On Lucid Dreaming

A Dali Dream by Karen Ilagan
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Often, when my life undergoes the timely transitions from one chapter to another, my dreams invoke deep reflections of my subconscious. They become introspective and prophetic. I have always been very in tune with how my dreaming life effects my waking life, and vice versa.

For months of stagnant activity , I may not have a dream worth remembering 10 seconds after waking. During times of change, however, I will have several vivid and powerful dreams every night for weeks on end.

When this happens, I manipulate the plot of every premonition I manifest. Plainly: I engage in lucid dreaming.

For those that might not know what this is, lucid dreaming is the state of consciousness while in the state of dreaming. Through discipline and awareness, one has the ability to alter their dream environment, the people in it, and even the laws of physics.

I was 8 years old the first time I experienced the revelation. Standing by the storage shed in the far northwest corner of my childhood backyard, the only visible light  illuminating the space came from a string of lamps hanging from the shed connecting to a pecan tree.

Reminiscent of Michael Jackson’s Thriller, zombies began to rise from the ground all round me. I was terrified. I held still for nearly 5 complete seconds before something occurred to me: none of this was real.

Like stepping stones across a gentle stream, I hopped from one rising zombie head to the next until I made it up to the backdoor of the house, enthusiastically flipping the deadbolt with a satisfying ‘click.’ I woke up.

I took me almost another decade to figure out what exactly I was doing. After watching the movie Vanilla Sky with Tom Cruise & Penélope Cruz, I began to research the topic of lucid dreaming and how to sharpen the skill. I bought Exploring the World of Lucid Dreaming by Stephen LaBerge, and started my training.

How does one “train” to lucid dream?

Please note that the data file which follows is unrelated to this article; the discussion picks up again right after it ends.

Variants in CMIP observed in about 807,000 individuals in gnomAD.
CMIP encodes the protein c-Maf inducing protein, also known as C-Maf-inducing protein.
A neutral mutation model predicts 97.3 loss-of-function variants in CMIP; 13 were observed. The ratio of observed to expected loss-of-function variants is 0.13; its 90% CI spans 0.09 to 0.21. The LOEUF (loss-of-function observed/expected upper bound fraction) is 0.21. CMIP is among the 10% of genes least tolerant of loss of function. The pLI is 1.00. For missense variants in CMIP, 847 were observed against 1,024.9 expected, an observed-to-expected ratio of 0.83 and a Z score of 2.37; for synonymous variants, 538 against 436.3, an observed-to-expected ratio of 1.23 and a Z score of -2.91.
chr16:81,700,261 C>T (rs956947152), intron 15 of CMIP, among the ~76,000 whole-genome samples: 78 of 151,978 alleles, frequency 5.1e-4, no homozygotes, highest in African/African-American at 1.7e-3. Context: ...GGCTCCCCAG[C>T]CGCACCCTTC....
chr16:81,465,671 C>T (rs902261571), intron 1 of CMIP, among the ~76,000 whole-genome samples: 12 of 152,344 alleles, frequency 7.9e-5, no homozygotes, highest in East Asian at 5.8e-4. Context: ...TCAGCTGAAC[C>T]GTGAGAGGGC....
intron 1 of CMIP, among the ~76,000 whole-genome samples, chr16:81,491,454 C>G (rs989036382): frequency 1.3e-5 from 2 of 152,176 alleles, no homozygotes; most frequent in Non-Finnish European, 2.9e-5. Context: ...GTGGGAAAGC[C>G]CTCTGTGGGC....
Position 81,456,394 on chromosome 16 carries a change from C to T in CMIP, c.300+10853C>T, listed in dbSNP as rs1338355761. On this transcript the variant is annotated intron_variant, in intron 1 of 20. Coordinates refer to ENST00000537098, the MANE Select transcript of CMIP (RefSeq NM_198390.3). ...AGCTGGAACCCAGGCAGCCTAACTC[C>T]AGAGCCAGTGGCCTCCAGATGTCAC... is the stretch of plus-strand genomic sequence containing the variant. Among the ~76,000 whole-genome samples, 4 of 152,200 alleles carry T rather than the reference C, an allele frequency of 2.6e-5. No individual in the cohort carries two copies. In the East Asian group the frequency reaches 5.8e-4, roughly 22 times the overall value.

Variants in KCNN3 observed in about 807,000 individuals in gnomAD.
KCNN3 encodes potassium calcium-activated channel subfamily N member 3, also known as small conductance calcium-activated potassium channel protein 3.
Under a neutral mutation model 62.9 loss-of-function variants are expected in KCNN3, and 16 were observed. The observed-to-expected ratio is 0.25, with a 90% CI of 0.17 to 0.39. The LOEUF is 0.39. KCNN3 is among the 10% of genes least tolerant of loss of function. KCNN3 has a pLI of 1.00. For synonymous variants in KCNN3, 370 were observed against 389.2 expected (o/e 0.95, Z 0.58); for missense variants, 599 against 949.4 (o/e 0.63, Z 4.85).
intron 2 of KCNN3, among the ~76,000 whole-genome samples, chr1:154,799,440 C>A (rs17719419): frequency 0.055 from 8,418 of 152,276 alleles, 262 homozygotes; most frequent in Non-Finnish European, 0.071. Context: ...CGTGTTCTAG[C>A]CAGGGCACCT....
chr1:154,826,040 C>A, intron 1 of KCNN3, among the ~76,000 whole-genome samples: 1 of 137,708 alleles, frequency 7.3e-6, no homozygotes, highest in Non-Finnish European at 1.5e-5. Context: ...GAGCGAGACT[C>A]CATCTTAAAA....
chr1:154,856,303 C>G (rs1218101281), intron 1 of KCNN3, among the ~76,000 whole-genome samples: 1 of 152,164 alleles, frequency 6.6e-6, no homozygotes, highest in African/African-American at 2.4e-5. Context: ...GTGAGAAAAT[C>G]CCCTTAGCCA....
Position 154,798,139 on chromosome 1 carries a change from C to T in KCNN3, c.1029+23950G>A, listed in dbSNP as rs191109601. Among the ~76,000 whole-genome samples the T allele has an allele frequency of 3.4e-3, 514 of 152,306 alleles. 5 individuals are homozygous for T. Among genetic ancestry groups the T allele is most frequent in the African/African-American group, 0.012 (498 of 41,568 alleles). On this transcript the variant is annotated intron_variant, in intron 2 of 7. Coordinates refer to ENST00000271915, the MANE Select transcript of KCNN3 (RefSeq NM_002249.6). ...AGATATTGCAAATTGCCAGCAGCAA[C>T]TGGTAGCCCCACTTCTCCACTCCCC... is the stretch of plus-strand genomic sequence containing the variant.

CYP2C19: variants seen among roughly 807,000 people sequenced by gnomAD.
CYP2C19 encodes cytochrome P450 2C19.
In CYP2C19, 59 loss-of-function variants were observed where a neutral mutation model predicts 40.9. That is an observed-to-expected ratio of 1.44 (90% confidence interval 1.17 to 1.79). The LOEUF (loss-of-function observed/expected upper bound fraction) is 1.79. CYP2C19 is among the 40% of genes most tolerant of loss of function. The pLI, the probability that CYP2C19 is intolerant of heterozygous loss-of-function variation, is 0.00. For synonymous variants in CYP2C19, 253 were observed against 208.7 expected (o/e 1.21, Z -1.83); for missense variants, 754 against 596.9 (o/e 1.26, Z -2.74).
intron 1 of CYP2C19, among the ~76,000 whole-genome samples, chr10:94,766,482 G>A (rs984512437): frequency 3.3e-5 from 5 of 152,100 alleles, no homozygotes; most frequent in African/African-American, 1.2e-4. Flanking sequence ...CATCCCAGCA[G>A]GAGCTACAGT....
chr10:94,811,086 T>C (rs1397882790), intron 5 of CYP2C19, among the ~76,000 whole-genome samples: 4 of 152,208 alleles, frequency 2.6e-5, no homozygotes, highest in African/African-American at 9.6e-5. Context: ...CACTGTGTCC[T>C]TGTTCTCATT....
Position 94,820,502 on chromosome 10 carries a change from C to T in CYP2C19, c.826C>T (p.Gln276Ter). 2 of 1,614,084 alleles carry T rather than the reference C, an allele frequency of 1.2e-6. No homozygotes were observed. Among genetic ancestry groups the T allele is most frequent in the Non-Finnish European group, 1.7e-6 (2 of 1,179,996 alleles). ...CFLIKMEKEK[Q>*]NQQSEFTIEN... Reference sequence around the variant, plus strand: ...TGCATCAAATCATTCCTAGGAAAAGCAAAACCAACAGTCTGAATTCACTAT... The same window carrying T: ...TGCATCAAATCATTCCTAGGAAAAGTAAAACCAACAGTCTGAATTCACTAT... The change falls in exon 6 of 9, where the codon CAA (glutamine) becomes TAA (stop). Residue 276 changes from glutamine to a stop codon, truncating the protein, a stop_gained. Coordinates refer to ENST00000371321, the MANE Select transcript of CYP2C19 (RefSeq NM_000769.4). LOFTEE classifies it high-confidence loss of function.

It starts with simple practice. The first and most important step is to actively recall what it is you dreamed. Within 10 seconds of waking up, the mind begins to forget what happened during the dream, so keeping a journal close to your bedside is very important. Write down every thought and observation that comes up in the dream: colors, people, words, events, anything. It need not make sense, just write it down. Doing this first step will enable to you recognize patterns. As time goes by you’ll start to see these patterns more clear. It could be your childhood home or a shopping mall. They can be specific feeling or events from life.

The patterns will differ from person to person, dream type to dream type. Yet a few things remain constant. Try to flip a light switch when you’re indoors. Attempt to read a page of a book or the time on a clock. These routine tasks are difficult–the words change and numbers blur–and seeing these phenomena indicate you are no longer in the real world.

One major sign that I am dreaming occurrs when my teeth fall out. It is the same sensation I felt when I lost my baby teeth: a wiggle a gentle tear of flesh, and an ensuing gap in my mouth. I see the tooth clearly in the palm of my hand, and I tell myself “time to fly.” Immediately, I would bolt in the nearest open direction, lift one leg into the air, and take off ceremoniously into the sky.

Dreaming of losing one’s teeth transcends time, languages and cultures. It’s meaning is debatable, and I think it depends on the context of the dream and the desired of the dreamer. For me, losing teeth signifies I am worried about losing something in real life, be it my finances, reputation, friends, lovers, etc. I counter this fear of loss by going in the opposite direction, I fly.